International Relations Prelims cum Mains

Road map laid for India-U.S. meet

The News

  • Indian and U.S. experts began a three-day consultation to find meeting points in bilateral relations in preparation for the first-ever meeting of the Ministers for External Affairs and Defence with their U.S. counterparts next month.

 

Highlights of the meeting

  • The meeting in Washington DC between Sushma Swaraj and Nirmala Sitharaman and their U.S. counterparts, called the two-plus-two discussions, is going to be held in July.
  • The 2+2 discussion is expected to further cement the India-U.S. engagements.
  • The key focus area of the meeting is finding a breakthrough in concluding the Communications Compatibility and Security Agreement (COMCASA).

 

 

About the Communications Compatibility and Security Agreement (COMCASA)

  • Communications Compatibility and Security Agreement (COMCASA) was formerly known as the Communications and Information Security Memorandum of Agreement (CISMOA).
  • It is one of the three foundational agreements that help the U.S. to intensify its defence cooperation with a partner nation.
  • The COMCASA will enable Indian military to obtain critical, secure and encrypted defence technologies from the other country.
  • The agreements are a key requirement by Washington for sharing h-tech military hardware, especially armed drones which the U.S. is willing to supply to India.
  • COMCASA becomes necessary in case classified military information is required to be exchanged between US and Indian defence forces.
  • Sale of armed drones is high on the agenda of the 2+2 dialogue.

 

Other two foundational Defence agreements of U.S

The proposal from the US Government for conclusion of the three Foundational Agreements with India has been under discussion since at least 2011. These agreements are:

  • Logistical Exchange Memorandum of Agreement (LEMOA) formerly known as the Logistic Support Agreement (LSA).
    • LEMOA is an agreement for the exchange of logistics support and supplies that are generally required during combined exercises, port calls and cooperative efforts in unforeseen exigencies like in an HADR situation.
    • This agreement essentially facilitates the provision of services and support that either party may need when in an out-of-country situation.
    • It also ensures that the financial transactions and billing is correct and timely.
    • The agreement is not expected to serve as a mutual defence treaty.

 

  • Basic Exchange and Cooperation Agreement (BECA):
    • Itprovides for sharing and data gathering of geospatial information.
    • It is expected to provide access to unclassified geospatial data that improves navigation planning for exercises and geospatial training for coproducing geospatial products; this is an area where India has limited technical/technological expertise.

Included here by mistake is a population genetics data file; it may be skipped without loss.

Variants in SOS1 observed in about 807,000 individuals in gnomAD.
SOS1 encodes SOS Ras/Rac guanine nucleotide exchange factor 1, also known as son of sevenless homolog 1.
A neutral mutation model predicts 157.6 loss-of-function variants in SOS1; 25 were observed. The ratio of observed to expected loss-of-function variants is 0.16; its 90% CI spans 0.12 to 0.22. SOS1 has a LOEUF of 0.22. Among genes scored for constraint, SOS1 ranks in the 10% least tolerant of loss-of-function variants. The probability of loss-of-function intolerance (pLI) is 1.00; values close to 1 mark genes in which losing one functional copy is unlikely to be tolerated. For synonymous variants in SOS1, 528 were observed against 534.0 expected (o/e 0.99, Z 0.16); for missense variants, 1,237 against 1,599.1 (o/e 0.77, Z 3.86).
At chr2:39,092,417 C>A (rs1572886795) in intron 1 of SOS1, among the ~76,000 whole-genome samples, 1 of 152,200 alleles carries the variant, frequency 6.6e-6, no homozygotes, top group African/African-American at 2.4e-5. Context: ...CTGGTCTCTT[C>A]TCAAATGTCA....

About India-U.S defence relations

U.S.A’s stand

  • Indications are emerging from the U.S. side is that they are keen to stress the importance given to India in its Indo-Pacific strategy.
  • In this context only, The U.S. Pacific Command (PACOM) was recently renamed Indo-Pacific Command (INDOPACOM), symbolic of the significance U.S. attaches to India in the region.
  • Apart from the foundational agreements, the U.S. is also keen on a broad based intelligence-sharing agreement with India as the two countries have vastly expanded their counter-terror cooperation.
  • In this context, the fourth foundational agreement, Basic Exchange and Cooperation Agreement for Geo-spatial Cooperation (BECA), will be significant.
  • As part of improving high tech cooperation, India and the U.S. announced the ambitious Defence Technology and Trade Initiative and India was designated a major defence partner.

 

India’s stand

  • The U.S. has been engaging India since 2002 on the foundational agreements, but successive governments in India have been wary of giving in to the U.S. demands.
  • New Delhi has shed its traditional reluctance and has been open to COMCASA, with both sides holding several rounds of discussions in recent times. T
  • COMCASA and BECA are the two foundational agreements that India is yet to sign.
  • It has already signed the General Security of Military Information Agreement (GSOMIA) and the Logistics Exchange Memorandum of Agreement (LEMOA).
  • The most significant of them is LEMOA, which gives both nations access to each other’s military facilities but it does not make it automatic or obligatory.
  • However, India had concerns on some of the clauses and the language of COMCASA, which both sides would attempt to address in the discussions going on.

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